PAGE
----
Login | February 26, 2024

Talking indexes

THe MOTLEY FOOL
Ask the Fool

Published: December 5, 2023

Q. What main stock indexes are there? -- D.M., Scottsdale, Arizona
A. The Dow Jones Industrial Average, launched in 1896, is one of the oldest and most widely referenced, but it contains only 30 companies -- like Apple, McDonald's, Microsoft, Nike, Walmart and Walt Disney.
The Standard & Poor's 500 is much broader, featuring 500 of America's biggest companies; examples include Amazon.com, Best Buy, Clorox, Dollar General, Hasbro, Hershey, Home Depot, Johnson & Johnson and Tesla. Together, the 500 companies make up about 80% of the total market value of U.S. stocks, so the S&P 500 is often referenced as a proxy for the entire stock market.
Another key index, the Wilshire 5000, includes almost every publicly traded U.S. company. The Russell 3000 index contains roughly 3,000 U.S. companies (including small, medium and large ones), which together represent close to 98% of the U.S. market. The Russell 1000 is composed of the 1,000 largest companies in the Russell 3000, while the Russell 2000 comprises the 2,000 smaller companies in it.
There are many other major indexes, such as the FTSE Global All Cap, which aims to represent the entire world's stock market; it encompasses more than 10,000 companies of varying sizes from dozens of countries, some with developing economies.
Various other indexes represent different countries, geographical regions, sectors or industries. And some focus on assets other than stocks, such as bonds.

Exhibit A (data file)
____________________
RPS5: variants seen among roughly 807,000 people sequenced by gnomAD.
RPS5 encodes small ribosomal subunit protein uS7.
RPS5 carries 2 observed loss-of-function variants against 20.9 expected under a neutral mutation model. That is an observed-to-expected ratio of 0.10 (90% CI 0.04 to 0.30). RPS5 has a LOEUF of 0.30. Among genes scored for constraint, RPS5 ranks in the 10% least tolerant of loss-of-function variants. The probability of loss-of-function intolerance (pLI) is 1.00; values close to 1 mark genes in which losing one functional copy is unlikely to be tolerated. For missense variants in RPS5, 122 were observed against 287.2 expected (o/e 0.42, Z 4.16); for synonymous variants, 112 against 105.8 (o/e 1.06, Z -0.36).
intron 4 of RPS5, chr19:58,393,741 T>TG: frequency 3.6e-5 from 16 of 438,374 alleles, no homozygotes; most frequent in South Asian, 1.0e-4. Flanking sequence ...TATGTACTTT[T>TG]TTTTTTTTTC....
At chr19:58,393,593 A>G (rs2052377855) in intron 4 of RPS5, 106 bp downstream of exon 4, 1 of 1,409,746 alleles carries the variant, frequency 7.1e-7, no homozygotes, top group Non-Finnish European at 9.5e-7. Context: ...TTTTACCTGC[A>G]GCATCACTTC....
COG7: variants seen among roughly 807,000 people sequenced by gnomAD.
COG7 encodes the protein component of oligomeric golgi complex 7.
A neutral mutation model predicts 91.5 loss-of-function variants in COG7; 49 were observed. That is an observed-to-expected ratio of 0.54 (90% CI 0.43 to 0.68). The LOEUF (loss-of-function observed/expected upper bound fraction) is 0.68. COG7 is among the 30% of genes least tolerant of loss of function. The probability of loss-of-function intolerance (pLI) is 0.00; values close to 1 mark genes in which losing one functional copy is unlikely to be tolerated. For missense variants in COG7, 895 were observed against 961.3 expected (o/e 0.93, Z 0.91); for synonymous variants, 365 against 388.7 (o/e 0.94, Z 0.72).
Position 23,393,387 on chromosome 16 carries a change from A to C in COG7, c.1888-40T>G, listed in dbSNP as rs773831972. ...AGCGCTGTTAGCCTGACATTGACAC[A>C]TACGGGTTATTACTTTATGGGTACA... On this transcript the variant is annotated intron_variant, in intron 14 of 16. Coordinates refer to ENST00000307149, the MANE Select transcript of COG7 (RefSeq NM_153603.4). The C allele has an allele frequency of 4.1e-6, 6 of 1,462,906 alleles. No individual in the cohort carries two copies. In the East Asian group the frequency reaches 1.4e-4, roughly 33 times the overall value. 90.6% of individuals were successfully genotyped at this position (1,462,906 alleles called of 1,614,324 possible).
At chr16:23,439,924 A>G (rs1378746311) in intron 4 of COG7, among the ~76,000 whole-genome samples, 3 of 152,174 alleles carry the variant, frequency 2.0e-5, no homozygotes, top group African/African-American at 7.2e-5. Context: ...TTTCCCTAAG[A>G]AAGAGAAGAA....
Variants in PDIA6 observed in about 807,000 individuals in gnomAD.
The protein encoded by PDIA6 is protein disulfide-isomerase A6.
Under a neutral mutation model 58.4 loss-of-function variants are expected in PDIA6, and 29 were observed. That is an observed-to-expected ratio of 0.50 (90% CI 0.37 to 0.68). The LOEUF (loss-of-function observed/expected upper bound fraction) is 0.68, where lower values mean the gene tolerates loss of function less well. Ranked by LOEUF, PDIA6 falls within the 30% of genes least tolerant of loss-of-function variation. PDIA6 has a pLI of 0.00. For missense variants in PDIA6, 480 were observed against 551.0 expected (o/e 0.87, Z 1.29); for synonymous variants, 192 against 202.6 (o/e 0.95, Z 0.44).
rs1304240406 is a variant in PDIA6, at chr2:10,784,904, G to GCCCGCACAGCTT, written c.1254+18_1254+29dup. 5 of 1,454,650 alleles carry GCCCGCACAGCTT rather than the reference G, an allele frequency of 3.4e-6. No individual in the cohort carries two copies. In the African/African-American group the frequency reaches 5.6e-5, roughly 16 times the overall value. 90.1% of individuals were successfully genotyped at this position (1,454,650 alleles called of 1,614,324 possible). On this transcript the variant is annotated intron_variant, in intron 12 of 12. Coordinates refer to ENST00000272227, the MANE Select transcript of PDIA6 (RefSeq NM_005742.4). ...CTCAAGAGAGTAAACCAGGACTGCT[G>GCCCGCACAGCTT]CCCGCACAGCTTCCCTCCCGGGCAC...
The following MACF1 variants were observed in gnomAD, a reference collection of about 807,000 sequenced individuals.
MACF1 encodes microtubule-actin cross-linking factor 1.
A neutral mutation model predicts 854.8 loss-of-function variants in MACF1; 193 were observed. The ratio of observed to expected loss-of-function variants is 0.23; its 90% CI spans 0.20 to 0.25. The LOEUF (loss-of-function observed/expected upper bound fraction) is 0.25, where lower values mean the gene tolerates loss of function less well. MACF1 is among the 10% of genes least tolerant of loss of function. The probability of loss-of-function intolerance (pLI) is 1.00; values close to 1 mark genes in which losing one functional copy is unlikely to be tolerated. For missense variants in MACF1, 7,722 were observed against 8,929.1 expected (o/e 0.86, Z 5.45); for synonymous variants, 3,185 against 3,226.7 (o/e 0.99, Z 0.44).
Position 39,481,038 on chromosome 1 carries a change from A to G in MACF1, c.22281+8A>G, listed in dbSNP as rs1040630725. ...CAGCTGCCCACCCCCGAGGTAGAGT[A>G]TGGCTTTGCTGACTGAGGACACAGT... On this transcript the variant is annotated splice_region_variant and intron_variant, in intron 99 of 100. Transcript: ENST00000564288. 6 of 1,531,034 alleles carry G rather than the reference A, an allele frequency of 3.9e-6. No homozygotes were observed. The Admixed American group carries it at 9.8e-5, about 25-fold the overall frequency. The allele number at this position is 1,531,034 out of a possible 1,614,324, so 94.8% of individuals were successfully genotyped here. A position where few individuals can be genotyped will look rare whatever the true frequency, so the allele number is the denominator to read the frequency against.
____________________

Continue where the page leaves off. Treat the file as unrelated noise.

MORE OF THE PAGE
Q. What's a "real" return? -- A.B., Troy, Michigan
A. It's a gain that has been adjusted by subtracting the effect of inflation. For example, if an investment has averaged annual gains of 10% over a period when inflation averaged 3%, the real average return would be about 7%.
Fool's School
Increase Your Social Security Benefit
The average monthly Social Security retirement benefit was only $1,840 as of August, or about $22,000 over the course of a year. Those who have earned more than average over their working lives will receive above-average benefits, but Social Security will still provide only a fraction of preretirement income. Still, there are things most of us can do to increase our future benefits.
For starters, aim to work for at least 35 years, because the formula the Social Security Administration (SSA) uses to determine your benefit is based on your (inflation-adjusted) earnings in the 35 years in which you earned the most. If you work for only 30 years, there will be five zeros factored into the calculation, shrinking your benefit. If you work for 38 years, the SSA will kick out the three years in which you earned the least.
This next tip is probably obvious: Earn as much as you can before retiring. The more you earn, the bigger your future benefits will be -- up to a point. (That limit increases in most years, and for 2023, it's $160,200.) That's easier said than done, of course, but you might try various strategies to increase your income for a few or many years. For example, ask for (and deserve) a raise every few years. Pursue a new certification, professional designation or degree in order to qualify you for higher-paying jobs. Consider taking on a side gig or two -- ideally something you enjoy, such as making and selling crafts, giving music or language lessons or driving for a ride-sharing service.
Consider waiting to start collecting your retirement benefits, too. You can begin collecting as early as age 62 or as late as age 70. Starting early means smaller checks, but many more of them. Delaying beyond your full retirement age (which is 66 or 67 for most of us) will make them bigger. Read up on this decision, because everyone's situation is different, and there are good reasons to start early, on time or late.
My Dumbest Investment
Favoring Dividends Now
My most regrettable investment was buying shares of Under Armour back in early 2016. Two years later, I was still underwater on it. I thought it would be a good investment, in part because I saw its logo everywhere on lots of people's clothing.